:Annie: Annie[7] is a Broadway musical based upon the popular comic strip Little Orphan Annie created by American cartoonist Harold Gray (1894–1968). The original Broadway production, which opened in 1977, ran for nearly six years and won the Tony Award for Best Musical.

15d   Cinerama building /kept/ secret (2,6)

In his review, Miffypops has shown the definition as "kept secret". However, after a good deal of consideration, I have somewhat hesitantly concluded that the definition should just be "secret". Surely one would say that an "in camera meeting" is a "secret meeting" — not a "kept secret meeting".

Scratching the Surface
The "Cinerama building" presumably denotes a building housing offices or theatres of the Cinerama corporation.

Cinerama[5] is a widescreen movie process that originally projected images simultaneously from three synchronized 35 mm projectors onto a huge, deeply curved screen. The trademarked process was marketed by the Cinerama corporation. It was the first of a number of novel processes introduced during the 1950s, when the movie industry was reacting to competition from television.

16d   Get hold of number, // jazz number (4,4)

"Take Five"[7] is a jazz piece composed by Paul Desmond and performed by The Dave Brubeck Quartet on their 1959 album Time Out. The song became a Top 40 hit single and the biggest-selling jazz single ever. Included in numerous movie and television soundtracks, it still receives significant radio play. "Take Five" was for several years during the early 1960s the theme music for the NBC Today program, the opening bars being played half a dozen times or more each day.

17d   Coy // going to bed (8)

18d   Bottle /got by/ artist in inexpensive restaurant (6)

"artist" = RA (show explanation)

A Royal Academician (abbreviation RA[5]) is a member of the Royal Academy of Arts[5], an institution established in London in 1768, whose purpose is to cultivate painting, sculpture, and architecture in Britain. 

hide explanation

19d   Part of an engine -- // data in order (3,3)

Gen[5] is an informal British term for information ⇒ you’ve got more gen on him than we have.

Big end[10] (also called, in vertical engines, bottom end) is a British term for the larger end of a connecting rod in an internal-combustion engine. Guess what they call the other end? Why, little end[10], of course.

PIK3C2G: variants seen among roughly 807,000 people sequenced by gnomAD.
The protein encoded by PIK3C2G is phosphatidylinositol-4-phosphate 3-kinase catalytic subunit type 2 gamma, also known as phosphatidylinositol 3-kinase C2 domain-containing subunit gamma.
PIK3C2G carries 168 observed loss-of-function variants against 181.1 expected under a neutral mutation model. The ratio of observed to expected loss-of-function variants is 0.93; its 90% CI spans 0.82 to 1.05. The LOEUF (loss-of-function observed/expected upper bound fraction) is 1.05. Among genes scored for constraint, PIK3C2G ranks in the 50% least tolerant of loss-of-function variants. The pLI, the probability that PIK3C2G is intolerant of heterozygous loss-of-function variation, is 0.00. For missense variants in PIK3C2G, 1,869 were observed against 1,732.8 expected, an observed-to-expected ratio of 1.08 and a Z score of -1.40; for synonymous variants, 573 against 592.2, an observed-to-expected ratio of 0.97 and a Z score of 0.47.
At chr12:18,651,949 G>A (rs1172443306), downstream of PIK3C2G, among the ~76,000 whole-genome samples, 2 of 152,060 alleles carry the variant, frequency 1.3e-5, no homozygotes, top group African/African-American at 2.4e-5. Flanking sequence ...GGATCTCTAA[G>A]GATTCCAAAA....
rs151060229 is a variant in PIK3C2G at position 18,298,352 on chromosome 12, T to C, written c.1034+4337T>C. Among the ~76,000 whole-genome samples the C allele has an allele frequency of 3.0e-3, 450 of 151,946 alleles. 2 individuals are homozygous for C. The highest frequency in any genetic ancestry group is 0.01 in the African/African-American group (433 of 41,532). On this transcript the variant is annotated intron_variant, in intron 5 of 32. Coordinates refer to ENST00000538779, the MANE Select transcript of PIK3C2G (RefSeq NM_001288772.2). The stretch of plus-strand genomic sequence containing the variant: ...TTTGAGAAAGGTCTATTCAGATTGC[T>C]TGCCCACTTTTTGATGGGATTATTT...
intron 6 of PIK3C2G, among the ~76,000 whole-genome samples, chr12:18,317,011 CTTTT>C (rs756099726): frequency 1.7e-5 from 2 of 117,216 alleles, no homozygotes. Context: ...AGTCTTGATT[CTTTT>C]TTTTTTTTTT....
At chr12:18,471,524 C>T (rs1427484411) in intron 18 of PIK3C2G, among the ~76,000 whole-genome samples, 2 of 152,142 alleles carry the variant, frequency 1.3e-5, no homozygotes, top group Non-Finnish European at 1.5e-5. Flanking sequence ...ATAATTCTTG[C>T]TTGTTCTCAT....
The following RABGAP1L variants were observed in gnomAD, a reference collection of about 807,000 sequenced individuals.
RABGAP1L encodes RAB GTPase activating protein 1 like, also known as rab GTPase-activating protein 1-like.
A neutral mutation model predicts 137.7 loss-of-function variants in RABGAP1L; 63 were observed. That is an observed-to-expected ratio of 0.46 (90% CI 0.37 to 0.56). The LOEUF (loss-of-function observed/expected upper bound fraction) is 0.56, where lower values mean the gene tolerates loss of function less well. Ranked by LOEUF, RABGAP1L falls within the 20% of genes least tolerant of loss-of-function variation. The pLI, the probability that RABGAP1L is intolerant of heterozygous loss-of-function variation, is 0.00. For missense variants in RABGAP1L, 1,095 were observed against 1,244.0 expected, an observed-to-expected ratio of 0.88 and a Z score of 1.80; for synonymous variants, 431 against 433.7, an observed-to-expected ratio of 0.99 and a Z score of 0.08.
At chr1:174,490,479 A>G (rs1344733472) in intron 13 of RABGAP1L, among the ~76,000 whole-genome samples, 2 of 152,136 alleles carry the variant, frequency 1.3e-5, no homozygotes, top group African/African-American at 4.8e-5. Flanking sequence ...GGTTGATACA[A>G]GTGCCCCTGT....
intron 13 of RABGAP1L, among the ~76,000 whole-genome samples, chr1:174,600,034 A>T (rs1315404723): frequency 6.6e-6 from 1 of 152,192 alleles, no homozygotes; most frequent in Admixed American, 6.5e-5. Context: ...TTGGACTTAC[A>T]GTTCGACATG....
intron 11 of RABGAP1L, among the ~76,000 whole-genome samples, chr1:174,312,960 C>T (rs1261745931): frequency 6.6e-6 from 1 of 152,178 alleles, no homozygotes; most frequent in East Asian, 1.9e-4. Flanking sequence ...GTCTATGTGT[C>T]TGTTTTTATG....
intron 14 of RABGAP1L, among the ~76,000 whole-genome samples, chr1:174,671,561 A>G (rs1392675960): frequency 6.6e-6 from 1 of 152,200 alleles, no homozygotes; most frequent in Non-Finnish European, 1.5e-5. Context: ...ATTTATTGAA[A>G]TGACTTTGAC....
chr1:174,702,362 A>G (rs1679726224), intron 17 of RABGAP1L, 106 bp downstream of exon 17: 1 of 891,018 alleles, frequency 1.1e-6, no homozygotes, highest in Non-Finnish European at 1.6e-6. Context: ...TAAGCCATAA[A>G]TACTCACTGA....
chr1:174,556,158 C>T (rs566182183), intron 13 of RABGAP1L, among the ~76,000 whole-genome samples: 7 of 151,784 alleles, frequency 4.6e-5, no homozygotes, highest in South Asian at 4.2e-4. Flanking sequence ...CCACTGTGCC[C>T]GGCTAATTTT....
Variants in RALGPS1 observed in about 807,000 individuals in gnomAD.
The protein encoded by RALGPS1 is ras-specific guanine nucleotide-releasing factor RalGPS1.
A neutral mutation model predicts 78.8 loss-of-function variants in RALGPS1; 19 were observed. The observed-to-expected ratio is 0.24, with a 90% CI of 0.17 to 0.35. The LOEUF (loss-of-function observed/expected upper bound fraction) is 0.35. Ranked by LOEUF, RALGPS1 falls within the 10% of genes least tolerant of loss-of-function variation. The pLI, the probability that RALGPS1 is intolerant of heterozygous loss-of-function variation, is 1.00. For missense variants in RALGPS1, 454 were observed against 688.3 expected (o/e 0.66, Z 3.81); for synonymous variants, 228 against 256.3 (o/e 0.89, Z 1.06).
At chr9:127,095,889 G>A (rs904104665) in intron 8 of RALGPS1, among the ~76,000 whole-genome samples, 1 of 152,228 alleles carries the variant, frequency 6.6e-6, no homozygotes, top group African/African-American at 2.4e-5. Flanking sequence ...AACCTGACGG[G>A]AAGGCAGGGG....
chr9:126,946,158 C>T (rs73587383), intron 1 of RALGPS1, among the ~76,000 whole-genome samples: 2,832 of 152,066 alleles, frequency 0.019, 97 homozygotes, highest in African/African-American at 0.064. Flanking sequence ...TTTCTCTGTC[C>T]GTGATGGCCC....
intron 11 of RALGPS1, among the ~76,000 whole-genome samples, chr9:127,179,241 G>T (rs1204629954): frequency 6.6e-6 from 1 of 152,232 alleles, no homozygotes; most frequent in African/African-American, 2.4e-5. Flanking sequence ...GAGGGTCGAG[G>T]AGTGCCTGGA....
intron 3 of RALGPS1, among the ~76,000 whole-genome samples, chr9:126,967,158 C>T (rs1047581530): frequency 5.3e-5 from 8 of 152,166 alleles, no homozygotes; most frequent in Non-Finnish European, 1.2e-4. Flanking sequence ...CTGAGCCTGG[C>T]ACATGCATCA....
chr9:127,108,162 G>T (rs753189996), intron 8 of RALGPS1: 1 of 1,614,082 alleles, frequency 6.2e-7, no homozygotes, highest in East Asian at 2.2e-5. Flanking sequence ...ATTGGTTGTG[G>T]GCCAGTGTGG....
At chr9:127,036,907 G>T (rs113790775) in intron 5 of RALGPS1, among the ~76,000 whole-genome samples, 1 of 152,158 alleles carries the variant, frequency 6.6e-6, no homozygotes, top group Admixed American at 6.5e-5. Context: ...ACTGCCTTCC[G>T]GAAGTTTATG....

21d   Mean to collect poorly // supporter (6)

In Britain, poorly[5] is not only used as an adverb, but also as an adjective meaning unwell ⇒ she looked poorly.

Delving Deeper
The surface reading will likely seem bizarre to most North Americans. While we might use the word poorly[5] to mean 'in poor health', we would only do so in a statement such as I am feeling poorly today. On the other hand, Oxford Dictionaries Online provides the following examples of British usage: (i) I didn't manage too many lengths today but I haven't been for 2 weeks since being poorly sick.; (ii) Zoe Bird, 26, was forced to walk for an hour to reach her home with poorly toddler son Ryan after they were forced to leave the car.; (iii) Jakey on the other hand is poorly due to having an injection.

23d   Warrant // ingenuity is required to defend rook (4)

"rook" = R (show explanation)

R[5] is an abbreviation for rook that is used in recording moves in chess.

hide explanation
Key to Reference Sources: 

[1]   - The Chambers Dictionary, 11th Edition
[2]   - Search Chambers - (Chambers 21st Century Dictionary)
[3]   - (American Heritage Dictionary)
[4]   - (Collins English Dictionary)
[5]   - Oxford Dictionaries (Oxford Dictionary of English)
[6]   - Oxford Dictionaries (Oxford American Dictionary)
[7]   - Wikipedia
[8]   - Reverso Online Dictionary (Collins French-English Dictionary)
[9]   - Infoplease (Random House Unabridged Dictionary)
[10] - (Collins English Dictionary)
[11] - (Random House Kernerman Webster's College Dictionary)
Signing off for today — Falcon